But that doesn’t mean – not at all – that shotgun complaints aren’t something that our clients face. Quite the contrary. See (in addition to Phillips) Bey v. Teva Pharmaceuticals, USA, Inc., 2021 WL 2633822, at *1 (M.D. Fla. June 25, 2021); Minton v. Ethicon, Inc., 2021 WL 1398965, at *1 (N.D. Fla. April 1, 2021); Rosado-Cabrera v. Pfizer, Inc., 2021 WL 662220, at *2-3 (M.D. Fla. Feb. 19, 2021); In re Zantac (Ranitidine) Products Liability Litigation, 2020 WL 7866674, at *7 (S.D. Fla. Dec. 31, 2020); Gergenti v. Ethicon, Inc., 2020 WL 7695646, at *2 (M.D. Fla. Dec. 28, 2020); Smith v. Ethicon, Inc., 2020 WL 9071685, at *2-3 (N.D. Fla. Dec. 28, 2020); Epstein v. Gilead Sciences, Inc., 2020 WL 4333011, at *3 (S.D. Fla. July 27, 2020); Thornton v. National Compounding Co., 2019 WL 2744623, at *11-12 (M.D. Fla. July 1, 2019) (False Claims Act case); Aguilar v. B Braun Medical, Inc., 2019 WL 2173777, at *2 (M.D. Fla. May 20, 2019); Munson v. Insys Therapeutics, Inc., 2018 WL 8244594, at *2 (M.D. Fla. Nov. 6, 2018); Erickson v. Merck & Co., 2018 WL 2357273, at *2-3 (M.D. Fla. May 17, 2018); McGee v. Boehringer Ingelheim Pharmaceuticals, Inc., 2018 WL 1399237, at *5 (N.D. Ala. March 20, 2018); Erickson v. Merck & Co., 2018 WL 3626469, at *3 (M.D. Fla. Feb. 22, 2018); Barnes v. AstraZeneca Pharmaceuticals LP, 253 F. Supp.3d 1168, 1171-72 (N.D. Ga. 2017); Erickson v. Merck & Co., 2017 WL 9938491, at *2-3 (M.D. Fla. Dec. 8, 2017); Thornton v. AstraZeneca Pharmaceuticals LP, 2017 WL 2255776, at *3-4 (N.D. Ga. May 15, 2017); Brazil v. Janssen Research & Development LLC, 249 F. Supp.3d 1321, 1336-37 (N.D. Ga. 2016); Gerold v. Astellas Pharma US, Inc., 2016 WL 1627049, at *1-2 (M.D. Fla. April 25, 2016); Tsavaris v. Pfizer, Inc., 2016 WL 375008, at *2 (S.D. Fla. Feb. 1, 2016) (the case we blogged about before); Gerold v. Astellas Pharma US, Inc., 2015 WL 7759395, at *2-3 (M.D. Fla. Dec. 2, 2015); Lonon v. Globus Medical, Inc., 2015 WL 1032861, at *3 (S.D. Ga. March 9, 2015); Dimieri v. Medicis Pharmaceutical Corp., 2014 WL 6673156, at *2 (M.D. Fla. Nov. 24, 2014); Karhu v. Vital Pharmaceuticals, Inc., 2013 WL 4047016, at *3 (S.D. Fla. Aug. 9, 2013); Batchelor v. Pfizer, Inc., 2013 WL 3873242, at *3 (M.D. Ala. July 25, 2013); Marsar v. Smith & Nephew, Inc., 2013 WL 3199984, at *1 (M.D. Fla. May 30, 2013); Jovine v. Abbott Laboratories, Inc., 795 F. Supp.2d 1331, 1336-37 (S.D. Fla. 2011); Kaufman v. Pfizer Pharmaceuticals, Inc., 2010 WL 9438673, at *3-4 (S.D. Fla. Nov. 23, 2010); Beale v. Biomet, Inc., 2006 WL 8433264, at *4 (S.D. Fla. Aug. 21, 2006). There is plenty of law here to choose from in putting together a drug/device motion to dismiss a “shotgun complaint,” at least in the Eleventh Circuit. Chances are that, whatever pleading sin a particular plaintiff has committed, there is a case in the relevant jurisdiction that has already required dismissal.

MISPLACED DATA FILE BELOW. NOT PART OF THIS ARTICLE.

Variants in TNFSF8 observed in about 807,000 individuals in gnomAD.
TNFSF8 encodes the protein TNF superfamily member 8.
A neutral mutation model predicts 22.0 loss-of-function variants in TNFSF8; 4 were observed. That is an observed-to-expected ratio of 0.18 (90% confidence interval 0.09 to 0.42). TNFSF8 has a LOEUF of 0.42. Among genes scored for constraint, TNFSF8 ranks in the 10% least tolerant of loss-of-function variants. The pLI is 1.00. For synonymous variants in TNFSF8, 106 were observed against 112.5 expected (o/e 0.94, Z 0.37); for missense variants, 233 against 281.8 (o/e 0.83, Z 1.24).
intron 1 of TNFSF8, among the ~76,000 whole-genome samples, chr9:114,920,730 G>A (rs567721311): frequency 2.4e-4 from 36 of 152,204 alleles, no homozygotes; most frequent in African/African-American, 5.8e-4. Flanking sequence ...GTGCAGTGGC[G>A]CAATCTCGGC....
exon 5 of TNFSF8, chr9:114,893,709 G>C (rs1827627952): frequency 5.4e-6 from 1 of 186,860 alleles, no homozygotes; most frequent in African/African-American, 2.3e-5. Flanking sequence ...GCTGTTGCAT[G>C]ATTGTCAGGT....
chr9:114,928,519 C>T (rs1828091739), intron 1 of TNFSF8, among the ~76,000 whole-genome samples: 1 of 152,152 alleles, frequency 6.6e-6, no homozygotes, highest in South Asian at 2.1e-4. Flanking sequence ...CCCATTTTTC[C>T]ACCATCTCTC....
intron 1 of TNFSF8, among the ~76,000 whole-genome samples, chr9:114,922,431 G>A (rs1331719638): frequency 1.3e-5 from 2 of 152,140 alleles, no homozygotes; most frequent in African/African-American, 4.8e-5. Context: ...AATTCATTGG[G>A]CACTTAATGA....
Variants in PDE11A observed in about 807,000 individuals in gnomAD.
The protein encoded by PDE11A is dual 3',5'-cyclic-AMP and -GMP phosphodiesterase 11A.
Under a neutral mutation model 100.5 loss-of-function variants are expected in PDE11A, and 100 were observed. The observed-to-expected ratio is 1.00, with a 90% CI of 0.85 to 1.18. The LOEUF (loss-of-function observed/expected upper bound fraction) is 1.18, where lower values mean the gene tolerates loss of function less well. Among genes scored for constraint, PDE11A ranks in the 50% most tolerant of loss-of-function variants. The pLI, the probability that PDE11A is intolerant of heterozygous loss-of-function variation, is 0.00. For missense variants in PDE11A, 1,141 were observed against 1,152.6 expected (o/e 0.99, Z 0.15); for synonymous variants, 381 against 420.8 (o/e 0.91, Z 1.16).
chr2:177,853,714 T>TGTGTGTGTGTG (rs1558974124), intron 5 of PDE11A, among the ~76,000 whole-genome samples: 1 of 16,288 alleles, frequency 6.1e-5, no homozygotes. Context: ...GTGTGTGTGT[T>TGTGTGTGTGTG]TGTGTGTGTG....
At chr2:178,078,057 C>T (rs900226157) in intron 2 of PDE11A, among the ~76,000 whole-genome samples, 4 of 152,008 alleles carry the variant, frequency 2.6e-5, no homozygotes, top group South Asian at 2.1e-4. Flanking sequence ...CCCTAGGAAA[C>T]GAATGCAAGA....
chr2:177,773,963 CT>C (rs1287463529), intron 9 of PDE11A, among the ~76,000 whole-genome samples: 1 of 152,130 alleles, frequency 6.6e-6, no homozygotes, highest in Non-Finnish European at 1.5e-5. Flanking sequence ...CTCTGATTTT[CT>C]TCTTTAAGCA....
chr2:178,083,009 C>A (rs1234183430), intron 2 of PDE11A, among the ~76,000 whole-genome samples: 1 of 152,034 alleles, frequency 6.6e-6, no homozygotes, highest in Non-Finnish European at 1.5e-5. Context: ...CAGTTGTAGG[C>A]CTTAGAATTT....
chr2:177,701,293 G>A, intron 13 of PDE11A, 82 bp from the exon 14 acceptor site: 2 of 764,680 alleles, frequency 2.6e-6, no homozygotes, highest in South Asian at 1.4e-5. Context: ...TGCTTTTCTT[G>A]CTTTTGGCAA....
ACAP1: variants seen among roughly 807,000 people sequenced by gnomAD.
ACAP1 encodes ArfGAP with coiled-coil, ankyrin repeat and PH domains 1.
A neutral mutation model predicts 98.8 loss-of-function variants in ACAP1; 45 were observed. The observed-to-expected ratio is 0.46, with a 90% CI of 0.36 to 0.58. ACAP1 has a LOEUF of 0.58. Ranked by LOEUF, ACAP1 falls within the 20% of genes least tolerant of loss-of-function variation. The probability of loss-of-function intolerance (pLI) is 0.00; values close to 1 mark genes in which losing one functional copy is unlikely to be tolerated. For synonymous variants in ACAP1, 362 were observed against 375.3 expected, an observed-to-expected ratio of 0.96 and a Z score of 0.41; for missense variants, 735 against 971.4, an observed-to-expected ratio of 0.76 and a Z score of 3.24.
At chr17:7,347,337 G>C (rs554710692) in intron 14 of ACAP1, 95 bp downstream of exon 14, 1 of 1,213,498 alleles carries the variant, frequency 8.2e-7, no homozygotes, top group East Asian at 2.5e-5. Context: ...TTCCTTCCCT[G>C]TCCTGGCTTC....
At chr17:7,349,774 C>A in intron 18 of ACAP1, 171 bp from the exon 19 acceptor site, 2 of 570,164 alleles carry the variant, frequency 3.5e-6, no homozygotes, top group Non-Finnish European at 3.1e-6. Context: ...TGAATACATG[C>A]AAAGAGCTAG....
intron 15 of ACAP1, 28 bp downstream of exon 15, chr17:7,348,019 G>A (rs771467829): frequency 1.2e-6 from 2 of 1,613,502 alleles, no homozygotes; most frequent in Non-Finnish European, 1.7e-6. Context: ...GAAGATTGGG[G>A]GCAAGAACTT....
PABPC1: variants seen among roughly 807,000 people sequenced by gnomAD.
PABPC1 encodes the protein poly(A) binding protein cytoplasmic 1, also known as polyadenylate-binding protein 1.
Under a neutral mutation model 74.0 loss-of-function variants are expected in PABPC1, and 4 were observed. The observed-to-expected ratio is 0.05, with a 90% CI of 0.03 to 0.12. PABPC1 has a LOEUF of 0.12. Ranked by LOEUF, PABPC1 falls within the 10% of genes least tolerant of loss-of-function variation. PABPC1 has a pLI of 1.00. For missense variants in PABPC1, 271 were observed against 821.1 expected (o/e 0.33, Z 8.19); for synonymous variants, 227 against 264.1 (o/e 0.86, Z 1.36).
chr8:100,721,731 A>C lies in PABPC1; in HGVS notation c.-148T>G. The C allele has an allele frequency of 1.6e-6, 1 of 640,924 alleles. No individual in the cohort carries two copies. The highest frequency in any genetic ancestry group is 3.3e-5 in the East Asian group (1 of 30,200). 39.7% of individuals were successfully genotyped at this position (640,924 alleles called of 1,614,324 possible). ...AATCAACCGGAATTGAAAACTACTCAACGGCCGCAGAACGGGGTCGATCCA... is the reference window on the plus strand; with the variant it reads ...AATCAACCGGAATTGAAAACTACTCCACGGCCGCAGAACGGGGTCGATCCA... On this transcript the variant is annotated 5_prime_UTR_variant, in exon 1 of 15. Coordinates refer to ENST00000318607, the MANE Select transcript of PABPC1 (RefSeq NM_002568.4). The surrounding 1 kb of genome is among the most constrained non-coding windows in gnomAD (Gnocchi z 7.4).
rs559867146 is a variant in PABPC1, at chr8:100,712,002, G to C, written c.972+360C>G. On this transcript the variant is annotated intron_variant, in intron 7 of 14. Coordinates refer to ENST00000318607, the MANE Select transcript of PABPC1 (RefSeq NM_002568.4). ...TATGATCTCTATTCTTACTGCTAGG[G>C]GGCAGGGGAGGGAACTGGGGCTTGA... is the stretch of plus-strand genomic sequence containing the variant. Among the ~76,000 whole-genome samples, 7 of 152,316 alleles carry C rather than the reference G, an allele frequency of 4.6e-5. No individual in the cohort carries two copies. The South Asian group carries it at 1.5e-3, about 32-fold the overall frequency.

Significantly, the concept of a “shotgun complaint” is not limited to the Eleventh Circuit. The Ninth Circuit affirmed dismissal of a “shotgun” pleading in Destfino v. Reiswig, 630 F.3d 952 (9th Cir. 2011), where after one amendment, the plaintiff’s complaint “continu[ed] to make ‘everyone did everything’ allegations.” Id. at 958.
In Rosenberg v. C.R. Bard, Inc., 387 F. Supp.3d 572, 582 (E.D. Pa. 2019), the court cited Hynson v. City of Chester Legal Dept., 864 F.2d 1026, 1031 n.13 (3d Cir. 1988), for the Third Circuit also “criticiz[ing]” “shotgun” pleadings, and dismissed the complaint:
Plaintiff has failed to connect the facts alleged in the beginning of her complaint with the specific negligence claim she asserts. Indeed, the Court (and Defendant) are left to guess not only which facts support Plaintiff’s negligence claim but also which aspect of Defendant’s conduct Plaintiff asserts was negligent. Therefore, Plaintiff’s negligence claim will be dismissed without prejudice with leave to amend.
Id. Here are other non-Eleventh Circuit prescription medical product liability cases we’ve found that have dismissed “shotgun complaints.” Moreno v. Ethicon Inc., 2022 WL 831548, at *1 (S.D. Tex. March 17, 2022); Payton v. Johnson & Johnson, 2021 WL 1923799, at *3-4 (S.D. Ind. May 13, 2021); McCormick v. Caldera Medical, Inc., 2021 WL 488340, at *2 (S.D. Ohio Feb. 10, 2021); Dreifort v. DJO Global, Inc., 2019 WL 5578240, at *7 (S.D. Cal. Oct. 28, 2019); Lynch v. Olympus America, Inc., 2018 WL 5619327, at *14 (D. Colo. Oct. 30, 2018). So there is room to work with exporting the “shotgun complaint” basis for dismissal to courts outside the Eleventh Circuit.
Finally, another thing about Phillips and the “shotgun complaint” concept that caught our eye is this – it’s something a court not only may, but is required (at least in the Eleventh Circuit), to do sua sponte [for readers not familiar with legal Latin, that means “of its own accord without being requested]:
If, in the face of a shotgun complaint, the defendant] does not move the district court to require a more definite statement, the court, in the exercise of its inherent power, must intervene sua sponte and order a repleader.
Phillips, 2021 WL 3209860, at *2 (quoting McWhorter v. Miller, Einhouse, Rymer & Boyd, Inc., 2009 WL 92846, at *2 (M.D. Fla. Jan. 14, 2009)) (emphasis added). They’re serious about TwIqbal in the Eleventh Circuit.
So by all means – particularly in the Eleventh Circuit – defendants should declare open season on “shotgun complaints.”